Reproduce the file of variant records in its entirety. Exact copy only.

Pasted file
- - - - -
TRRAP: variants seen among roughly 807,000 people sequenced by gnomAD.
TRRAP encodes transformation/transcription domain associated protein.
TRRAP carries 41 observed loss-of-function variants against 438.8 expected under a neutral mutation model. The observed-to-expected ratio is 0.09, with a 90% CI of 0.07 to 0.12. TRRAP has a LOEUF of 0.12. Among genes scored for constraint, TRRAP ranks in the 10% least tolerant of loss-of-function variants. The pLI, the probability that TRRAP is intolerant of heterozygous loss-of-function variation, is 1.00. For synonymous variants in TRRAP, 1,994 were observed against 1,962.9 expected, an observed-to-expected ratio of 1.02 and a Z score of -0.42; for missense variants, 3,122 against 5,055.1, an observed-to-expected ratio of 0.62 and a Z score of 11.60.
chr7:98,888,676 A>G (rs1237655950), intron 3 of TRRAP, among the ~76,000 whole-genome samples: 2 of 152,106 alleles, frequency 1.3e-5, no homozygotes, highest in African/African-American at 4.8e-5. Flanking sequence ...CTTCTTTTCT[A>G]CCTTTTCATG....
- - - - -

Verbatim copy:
TRRAP: variants seen among roughly 807,000 people sequenced by gnomAD.
TRRAP encodes transformation/transcription domain associated protein.
TRRAP carries 41 observed loss-of-function variants against 438.8 expected under a neutral mutation model. The observed-to-expected ratio is 0.09, with a 90% CI of 0.07 to 0.12. TRRAP has a LOEUF of 0.12. Among genes scored for constraint, TRRAP ranks in the 10% least tolerant of loss-of-function variants. The pLI, the probability that TRRAP is intolerant of heterozygous loss-of-function variation, is 1.00. For synonymous variants in TRRAP, 1,994 were observed against 1,962.9 expected, an observed-to-expected ratio of 1.02 and a Z score of -0.42; for missense variants, 3,122 against 5,055.1, an observed-to-expected ratio of 0.62 and a Z score of 11.60.
chr7:98,888,676 A>G (rs1237655950), intron 3 of TRRAP, among the ~76,000 whole-genome samples: 2 of 152,106 alleles, frequency 1.3e-5, no homozygotes, highest in African/African-American at 4.8e-5. Flanking sequence ...CTTCTTTTCT[A>G]CCTTTTCATG....